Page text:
WHEN YOU WERE GROWING UP, WHAT WAS THE PERCEPTION OF PEOPLE WEARING OTHER PEOPLES CLOTHING?
In Texas, forget it! It would have been mortifying. You would not have been caught dead. No matter how poor you were, it was an attitude that you did not wear other peoples clothing.
TELL US ABOUT DISCOVERING VINTAGE
I moved to the East Village in NYC in 1967. It was the most wonderful time when people first started wearing vintage clothing and defining the style, Thompson Square Park, rock n roll drive-ins, the music festivals, raves on St Marks, artists everywhere. I was very very poor with no income and I would go to thrift shops and buy used clothing and it might cost 25 cents. An embroidered Chinese robe from 1900ís or Victorian lace penoirs from somebodyís hope chest, it was amazing and I donít think I ever spent more than $2 dollar for anything, I couldnít leave them there so I spent every penny I had to give them a home. For me, it was kind of like the documentary about Herb & Dorothy Vogel, but with vintage instead of art.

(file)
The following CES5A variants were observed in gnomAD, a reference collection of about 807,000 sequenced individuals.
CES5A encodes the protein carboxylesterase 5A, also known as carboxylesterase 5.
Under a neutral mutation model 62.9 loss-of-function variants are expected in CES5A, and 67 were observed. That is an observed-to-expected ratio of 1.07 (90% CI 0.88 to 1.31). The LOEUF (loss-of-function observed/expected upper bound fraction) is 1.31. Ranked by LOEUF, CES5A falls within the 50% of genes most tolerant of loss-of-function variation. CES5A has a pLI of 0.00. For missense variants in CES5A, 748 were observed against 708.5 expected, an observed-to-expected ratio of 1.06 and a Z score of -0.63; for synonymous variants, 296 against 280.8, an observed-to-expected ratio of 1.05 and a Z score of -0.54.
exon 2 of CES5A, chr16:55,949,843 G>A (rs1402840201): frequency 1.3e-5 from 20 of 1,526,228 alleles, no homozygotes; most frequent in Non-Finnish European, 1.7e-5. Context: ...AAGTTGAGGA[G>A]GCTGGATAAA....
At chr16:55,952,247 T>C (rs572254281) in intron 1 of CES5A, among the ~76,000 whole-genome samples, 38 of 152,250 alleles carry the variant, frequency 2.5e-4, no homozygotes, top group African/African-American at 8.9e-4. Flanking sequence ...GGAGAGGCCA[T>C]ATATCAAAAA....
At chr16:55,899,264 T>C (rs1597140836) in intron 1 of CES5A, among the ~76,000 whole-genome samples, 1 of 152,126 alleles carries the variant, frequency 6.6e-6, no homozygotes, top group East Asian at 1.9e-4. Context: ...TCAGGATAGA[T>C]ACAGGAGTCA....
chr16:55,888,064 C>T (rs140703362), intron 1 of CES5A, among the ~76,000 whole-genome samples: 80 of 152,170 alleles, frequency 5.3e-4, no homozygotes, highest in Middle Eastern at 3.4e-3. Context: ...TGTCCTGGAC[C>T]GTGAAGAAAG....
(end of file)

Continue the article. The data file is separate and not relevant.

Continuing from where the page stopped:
WHAT INSPIRED THE IDEA OF PEOPLE WEARING VINTAGE, WHERE DID IT COME FROM?
In the late 60's people starting throwing off other old traditions, women didnít have to be wives and mothers, they could have careers and wear pants if they wanted to. It wasnít happening all over the country but in the major cities.
CAN YOU DESCRIBE THE DIFFERENCE BETWEEN A DEALER AND A COLLECTOR?
There are those of us who are into vintage and have some understanding and appreciation, everybody collects a little bit, some of it is just to wear but I like the art value, the handwork especially. Or you can be a mini dealer who is like an art dealer, and then there are dealers who only buy to sell and then those who have the appreciation of a particular piece. I collect because I need to accumulate for my customers and I like to be around beautiful garment all of the time. I am not just looking to make a buck.